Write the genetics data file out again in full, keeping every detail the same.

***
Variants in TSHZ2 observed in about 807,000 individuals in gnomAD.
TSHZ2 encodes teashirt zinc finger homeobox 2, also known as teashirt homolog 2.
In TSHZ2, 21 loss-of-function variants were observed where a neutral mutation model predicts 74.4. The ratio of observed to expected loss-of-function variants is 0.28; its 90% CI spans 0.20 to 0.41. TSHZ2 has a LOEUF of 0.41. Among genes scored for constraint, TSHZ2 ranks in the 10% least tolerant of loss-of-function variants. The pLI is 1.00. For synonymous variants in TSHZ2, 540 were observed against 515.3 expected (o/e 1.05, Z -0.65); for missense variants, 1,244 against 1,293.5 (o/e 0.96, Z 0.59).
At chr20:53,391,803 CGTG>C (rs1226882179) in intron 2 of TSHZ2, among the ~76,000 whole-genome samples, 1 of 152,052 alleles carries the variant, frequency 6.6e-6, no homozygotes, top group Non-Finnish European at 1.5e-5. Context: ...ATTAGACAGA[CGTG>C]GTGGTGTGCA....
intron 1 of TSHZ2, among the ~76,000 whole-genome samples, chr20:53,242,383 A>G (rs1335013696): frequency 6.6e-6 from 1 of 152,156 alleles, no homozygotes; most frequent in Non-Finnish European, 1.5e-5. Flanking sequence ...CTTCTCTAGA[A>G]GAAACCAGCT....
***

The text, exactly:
Variants in TSHZ2 observed in about 807,000 individuals in gnomAD.
TSHZ2 encodes teashirt zinc finger homeobox 2, also known as teashirt homolog 2.
In TSHZ2, 21 loss-of-function variants were observed where a neutral mutation model predicts 74.4. The ratio of observed to expected loss-of-function variants is 0.28; its 90% CI spans 0.20 to 0.41. TSHZ2 has a LOEUF of 0.41. Among genes scored for constraint, TSHZ2 ranks in the 10% least tolerant of loss-of-function variants. The pLI is 1.00. For synonymous variants in TSHZ2, 540 were observed against 515.3 expected (o/e 1.05, Z -0.65); for missense variants, 1,244 against 1,293.5 (o/e 0.96, Z 0.59).
At chr20:53,391,803 CGTG>C (rs1226882179) in intron 2 of TSHZ2, among the ~76,000 whole-genome samples, 1 of 152,052 alleles carries the variant, frequency 6.6e-6, no homozygotes, top group Non-Finnish European at 1.5e-5. Context: ...ATTAGACAGA[CGTG>C]GTGGTGTGCA....
intron 1 of TSHZ2, among the ~76,000 whole-genome samples, chr20:53,242,383 A>G (rs1335013696): frequency 6.6e-6 from 1 of 152,156 alleles, no homozygotes; most frequent in Non-Finnish European, 1.5e-5. Flanking sequence ...CTTCTCTAGA[A>G]GAAACCAGCT....